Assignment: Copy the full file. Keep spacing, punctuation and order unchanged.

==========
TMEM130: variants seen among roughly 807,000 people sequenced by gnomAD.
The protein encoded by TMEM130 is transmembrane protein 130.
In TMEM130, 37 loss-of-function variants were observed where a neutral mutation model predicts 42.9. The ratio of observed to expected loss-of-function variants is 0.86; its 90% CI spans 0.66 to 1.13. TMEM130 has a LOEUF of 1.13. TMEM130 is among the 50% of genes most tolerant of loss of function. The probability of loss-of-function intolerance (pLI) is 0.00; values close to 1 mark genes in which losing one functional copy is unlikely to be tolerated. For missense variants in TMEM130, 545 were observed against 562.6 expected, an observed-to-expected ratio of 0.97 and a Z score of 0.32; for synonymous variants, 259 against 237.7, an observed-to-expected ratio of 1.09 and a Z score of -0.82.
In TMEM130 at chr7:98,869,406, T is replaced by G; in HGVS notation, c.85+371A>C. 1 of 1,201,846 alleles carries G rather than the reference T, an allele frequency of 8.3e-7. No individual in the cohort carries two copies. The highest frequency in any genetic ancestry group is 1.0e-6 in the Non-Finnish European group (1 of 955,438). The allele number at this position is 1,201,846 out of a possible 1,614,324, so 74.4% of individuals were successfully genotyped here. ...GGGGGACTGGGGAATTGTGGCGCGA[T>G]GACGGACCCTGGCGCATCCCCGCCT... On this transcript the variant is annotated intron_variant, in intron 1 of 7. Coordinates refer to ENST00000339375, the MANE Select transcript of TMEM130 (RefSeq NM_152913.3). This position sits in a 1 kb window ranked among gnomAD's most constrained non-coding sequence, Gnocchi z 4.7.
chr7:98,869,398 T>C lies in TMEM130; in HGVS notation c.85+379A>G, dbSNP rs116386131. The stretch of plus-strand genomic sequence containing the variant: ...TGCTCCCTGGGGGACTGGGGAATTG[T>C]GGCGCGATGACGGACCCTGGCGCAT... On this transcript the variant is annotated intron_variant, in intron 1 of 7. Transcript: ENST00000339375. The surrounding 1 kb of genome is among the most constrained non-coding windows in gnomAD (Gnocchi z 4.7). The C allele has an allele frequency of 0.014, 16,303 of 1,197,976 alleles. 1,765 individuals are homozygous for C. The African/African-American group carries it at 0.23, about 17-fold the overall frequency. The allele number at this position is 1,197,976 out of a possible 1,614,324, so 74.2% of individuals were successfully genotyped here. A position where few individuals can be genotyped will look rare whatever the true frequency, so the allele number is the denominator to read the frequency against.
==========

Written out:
TMEM130: variants seen among roughly 807,000 people sequenced by gnomAD.
The protein encoded by TMEM130 is transmembrane protein 130.
In TMEM130, 37 loss-of-function variants were observed where a neutral mutation model predicts 42.9. The ratio of observed to expected loss-of-function variants is 0.86; its 90% CI spans 0.66 to 1.13. TMEM130 has a LOEUF of 1.13. TMEM130 is among the 50% of genes most tolerant of loss of function. The probability of loss-of-function intolerance (pLI) is 0.00; values close to 1 mark genes in which losing one functional copy is unlikely to be tolerated. For missense variants in TMEM130, 545 were observed against 562.6 expected, an observed-to-expected ratio of 0.97 and a Z score of 0.32; for synonymous variants, 259 against 237.7, an observed-to-expected ratio of 1.09 and a Z score of -0.82.
In TMEM130 at chr7:98,869,406, T is replaced by G; in HGVS notation, c.85+371A>C. 1 of 1,201,846 alleles carries G rather than the reference T, an allele frequency of 8.3e-7. No individual in the cohort carries two copies. The highest frequency in any genetic ancestry group is 1.0e-6 in the Non-Finnish European group (1 of 955,438). The allele number at this position is 1,201,846 out of a possible 1,614,324, so 74.4% of individuals were successfully genotyped here. ...GGGGGACTGGGGAATTGTGGCGCGA[T>G]GACGGACCCTGGCGCATCCCCGCCT... On this transcript the variant is annotated intron_variant, in intron 1 of 7. Coordinates refer to ENST00000339375, the MANE Select transcript of TMEM130 (RefSeq NM_152913.3). This position sits in a 1 kb window ranked among gnomAD's most constrained non-coding sequence, Gnocchi z 4.7.
chr7:98,869,398 T>C lies in TMEM130; in HGVS notation c.85+379A>G, dbSNP rs116386131. The stretch of plus-strand genomic sequence containing the variant: ...TGCTCCCTGGGGGACTGGGGAATTG[T>C]GGCGCGATGACGGACCCTGGCGCAT... On this transcript the variant is annotated intron_variant, in intron 1 of 7. Transcript: ENST00000339375. The surrounding 1 kb of genome is among the most constrained non-coding windows in gnomAD (Gnocchi z 4.7). The C allele has an allele frequency of 0.014, 16,303 of 1,197,976 alleles. 1,765 individuals are homozygous for C. The African/African-American group carries it at 0.23, about 17-fold the overall frequency. The allele number at this position is 1,197,976 out of a possible 1,614,324, so 74.2% of individuals were successfully genotyped here. A position where few individuals can be genotyped will look rare whatever the true frequency, so the allele number is the denominator to read the frequency against.